Safe Office is a subscription based website designed specifically for those who value security, privacy, and discretion. It is designed by and for Service Providers.
Get sensitive data off PCs and phones that are notoriously NOT secure and at risk of theft, damage, or seizure. Enjoy the privacy and reliability of offshore venue and hosting. Separate your work life from your personal life. Organize your business. Increase your profits. Protect the privacy of both you and your clients. Track your Contacts, Schedule, History, Projects, Mailing Lists, Passwords, Bookmarks, and more. Share “Resources” and “Blacklist” information with other members of the Community.

njoy creates "pleasure instruments that stimulate more than the obvious senses".
All njoy toys are crafted in premium medical grade stainless steel for purity, beauty, and infinite durability. Employing precision design, superior new-world craftsmanship, and a healthy dose of naughty creativity, we present to you the finest of erotic products. We hope you have as much fun playing with our toys as we have designing them… njoy!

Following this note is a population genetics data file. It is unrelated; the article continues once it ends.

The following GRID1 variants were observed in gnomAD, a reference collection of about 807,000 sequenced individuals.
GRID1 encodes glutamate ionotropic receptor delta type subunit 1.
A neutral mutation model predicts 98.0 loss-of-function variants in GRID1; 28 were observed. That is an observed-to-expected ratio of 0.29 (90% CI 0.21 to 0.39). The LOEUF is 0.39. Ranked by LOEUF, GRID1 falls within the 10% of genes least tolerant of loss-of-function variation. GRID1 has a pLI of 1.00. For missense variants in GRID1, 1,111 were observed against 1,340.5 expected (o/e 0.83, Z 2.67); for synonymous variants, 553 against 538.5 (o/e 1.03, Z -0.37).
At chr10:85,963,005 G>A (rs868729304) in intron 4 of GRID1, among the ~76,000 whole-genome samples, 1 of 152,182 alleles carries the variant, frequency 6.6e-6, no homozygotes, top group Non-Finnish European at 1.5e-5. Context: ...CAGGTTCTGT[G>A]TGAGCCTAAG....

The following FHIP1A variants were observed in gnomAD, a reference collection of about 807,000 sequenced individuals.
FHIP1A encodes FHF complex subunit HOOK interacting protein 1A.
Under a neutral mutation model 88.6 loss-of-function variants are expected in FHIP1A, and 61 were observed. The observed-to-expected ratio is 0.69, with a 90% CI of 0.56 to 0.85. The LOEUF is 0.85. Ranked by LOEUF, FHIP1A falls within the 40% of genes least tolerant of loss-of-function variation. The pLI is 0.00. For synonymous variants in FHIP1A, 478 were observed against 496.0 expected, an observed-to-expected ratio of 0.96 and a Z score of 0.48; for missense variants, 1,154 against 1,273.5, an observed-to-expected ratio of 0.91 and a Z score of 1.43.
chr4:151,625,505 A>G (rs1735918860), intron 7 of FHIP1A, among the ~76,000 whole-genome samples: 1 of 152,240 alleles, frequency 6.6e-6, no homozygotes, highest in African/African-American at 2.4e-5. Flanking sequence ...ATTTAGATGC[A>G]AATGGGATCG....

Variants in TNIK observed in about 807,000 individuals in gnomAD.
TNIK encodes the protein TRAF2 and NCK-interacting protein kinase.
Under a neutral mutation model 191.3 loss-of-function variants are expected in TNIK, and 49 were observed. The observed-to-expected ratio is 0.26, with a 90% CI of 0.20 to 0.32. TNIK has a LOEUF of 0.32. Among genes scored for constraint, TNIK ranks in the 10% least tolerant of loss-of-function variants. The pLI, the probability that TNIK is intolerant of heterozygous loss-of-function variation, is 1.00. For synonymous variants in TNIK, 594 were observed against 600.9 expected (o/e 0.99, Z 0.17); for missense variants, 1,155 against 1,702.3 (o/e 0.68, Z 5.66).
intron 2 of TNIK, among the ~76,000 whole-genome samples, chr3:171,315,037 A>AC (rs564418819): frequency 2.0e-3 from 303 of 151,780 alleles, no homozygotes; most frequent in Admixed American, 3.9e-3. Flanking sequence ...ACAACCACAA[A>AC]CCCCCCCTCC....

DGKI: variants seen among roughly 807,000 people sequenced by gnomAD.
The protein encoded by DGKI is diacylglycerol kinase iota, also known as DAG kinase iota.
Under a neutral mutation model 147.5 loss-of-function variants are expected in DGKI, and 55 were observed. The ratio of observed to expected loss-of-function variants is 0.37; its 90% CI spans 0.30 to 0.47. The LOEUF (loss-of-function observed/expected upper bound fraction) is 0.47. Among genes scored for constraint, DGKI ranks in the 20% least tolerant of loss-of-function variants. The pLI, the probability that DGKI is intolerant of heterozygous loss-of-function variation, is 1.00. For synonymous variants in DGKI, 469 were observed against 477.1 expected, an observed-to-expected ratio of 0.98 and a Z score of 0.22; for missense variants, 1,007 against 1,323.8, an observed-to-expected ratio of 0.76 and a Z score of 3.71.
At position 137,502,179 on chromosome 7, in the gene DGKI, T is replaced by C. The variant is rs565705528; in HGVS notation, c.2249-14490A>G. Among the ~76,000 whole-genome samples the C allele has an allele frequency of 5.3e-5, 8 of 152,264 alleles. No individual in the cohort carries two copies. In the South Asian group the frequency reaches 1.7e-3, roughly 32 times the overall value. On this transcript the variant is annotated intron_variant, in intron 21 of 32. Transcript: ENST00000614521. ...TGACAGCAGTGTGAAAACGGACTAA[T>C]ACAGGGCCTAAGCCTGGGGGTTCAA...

Standard Innovation Corporation is a world leader in designing and manufacturing high quality, safe, eco-friendly intimate products including the popular We-Vibe.
Since the launch in 2004, the We-Vibe has quickly become the fastest selling sexual wellness product of its type in history, with over 2 million products sold worldwide since the launch in 2008. Committed to engineering products aimed at improving couples’ fun and intimacy, this Canadian company has expanded their product line to include the Touch, Tango and Salsa (all by We-Vibe®) and plan to continue to expand their comprehensive product portfolio to provide innovative solutions to help couples have more fun.
The full family of Standard Innovation’s We-Vibe ® products are currently distributed by drug stores and fine boutiques in over 50 countries around the world.

Bronze Level Sponsors

HotMoviesForHer.com is porn for women!